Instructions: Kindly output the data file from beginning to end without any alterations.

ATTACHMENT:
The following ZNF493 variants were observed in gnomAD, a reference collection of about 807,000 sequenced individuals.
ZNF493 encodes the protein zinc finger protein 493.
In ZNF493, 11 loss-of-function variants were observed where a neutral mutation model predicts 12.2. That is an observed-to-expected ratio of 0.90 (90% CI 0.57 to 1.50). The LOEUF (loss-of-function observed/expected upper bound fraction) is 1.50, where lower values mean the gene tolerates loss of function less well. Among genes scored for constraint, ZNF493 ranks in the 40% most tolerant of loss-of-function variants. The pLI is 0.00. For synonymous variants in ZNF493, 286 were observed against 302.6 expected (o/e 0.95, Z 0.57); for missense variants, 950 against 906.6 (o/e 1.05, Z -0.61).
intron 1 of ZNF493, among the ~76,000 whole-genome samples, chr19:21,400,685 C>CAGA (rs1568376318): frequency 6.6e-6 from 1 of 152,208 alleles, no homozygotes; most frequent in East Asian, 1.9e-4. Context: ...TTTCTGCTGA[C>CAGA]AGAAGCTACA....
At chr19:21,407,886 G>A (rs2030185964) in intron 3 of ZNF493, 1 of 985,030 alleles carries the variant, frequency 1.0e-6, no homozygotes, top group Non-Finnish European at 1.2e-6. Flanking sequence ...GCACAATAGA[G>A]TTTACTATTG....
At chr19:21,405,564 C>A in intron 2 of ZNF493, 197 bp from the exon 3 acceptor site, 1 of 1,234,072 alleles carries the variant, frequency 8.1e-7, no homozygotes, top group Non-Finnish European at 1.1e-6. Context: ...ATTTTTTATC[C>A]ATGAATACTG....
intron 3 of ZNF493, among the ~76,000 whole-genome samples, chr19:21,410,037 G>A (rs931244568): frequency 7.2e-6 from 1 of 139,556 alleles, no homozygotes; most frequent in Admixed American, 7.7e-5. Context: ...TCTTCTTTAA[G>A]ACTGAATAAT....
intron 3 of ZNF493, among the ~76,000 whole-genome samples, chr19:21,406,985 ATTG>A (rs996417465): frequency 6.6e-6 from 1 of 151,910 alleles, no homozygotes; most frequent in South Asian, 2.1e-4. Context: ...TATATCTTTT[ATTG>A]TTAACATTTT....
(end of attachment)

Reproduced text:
The following ZNF493 variants were observed in gnomAD, a reference collection of about 807,000 sequenced individuals.
ZNF493 encodes the protein zinc finger protein 493.
In ZNF493, 11 loss-of-function variants were observed where a neutral mutation model predicts 12.2. That is an observed-to-expected ratio of 0.90 (90% CI 0.57 to 1.50). The LOEUF (loss-of-function observed/expected upper bound fraction) is 1.50, where lower values mean the gene tolerates loss of function less well. Among genes scored for constraint, ZNF493 ranks in the 40% most tolerant of loss-of-function variants. The pLI is 0.00. For synonymous variants in ZNF493, 286 were observed against 302.6 expected (o/e 0.95, Z 0.57); for missense variants, 950 against 906.6 (o/e 1.05, Z -0.61).
intron 1 of ZNF493, among the ~76,000 whole-genome samples, chr19:21,400,685 C>CAGA (rs1568376318): frequency 6.6e-6 from 1 of 152,208 alleles, no homozygotes; most frequent in East Asian, 1.9e-4. Context: ...TTTCTGCTGA[C>CAGA]AGAAGCTACA....
At chr19:21,407,886 G>A (rs2030185964) in intron 3 of ZNF493, 1 of 985,030 alleles carries the variant, frequency 1.0e-6, no homozygotes, top group Non-Finnish European at 1.2e-6. Flanking sequence ...GCACAATAGA[G>A]TTTACTATTG....
At chr19:21,405,564 C>A in intron 2 of ZNF493, 197 bp from the exon 3 acceptor site, 1 of 1,234,072 alleles carries the variant, frequency 8.1e-7, no homozygotes, top group Non-Finnish European at 1.1e-6. Context: ...ATTTTTTATC[C>A]ATGAATACTG....
intron 3 of ZNF493, among the ~76,000 whole-genome samples, chr19:21,410,037 G>A (rs931244568): frequency 7.2e-6 from 1 of 139,556 alleles, no homozygotes; most frequent in Admixed American, 7.7e-5. Context: ...TCTTCTTTAA[G>A]ACTGAATAAT....
intron 3 of ZNF493, among the ~76,000 whole-genome samples, chr19:21,406,985 ATTG>A (rs996417465): frequency 6.6e-6 from 1 of 151,910 alleles, no homozygotes; most frequent in South Asian, 2.1e-4. Context: ...TATATCTTTT[ATTG>A]TTAACATTTT....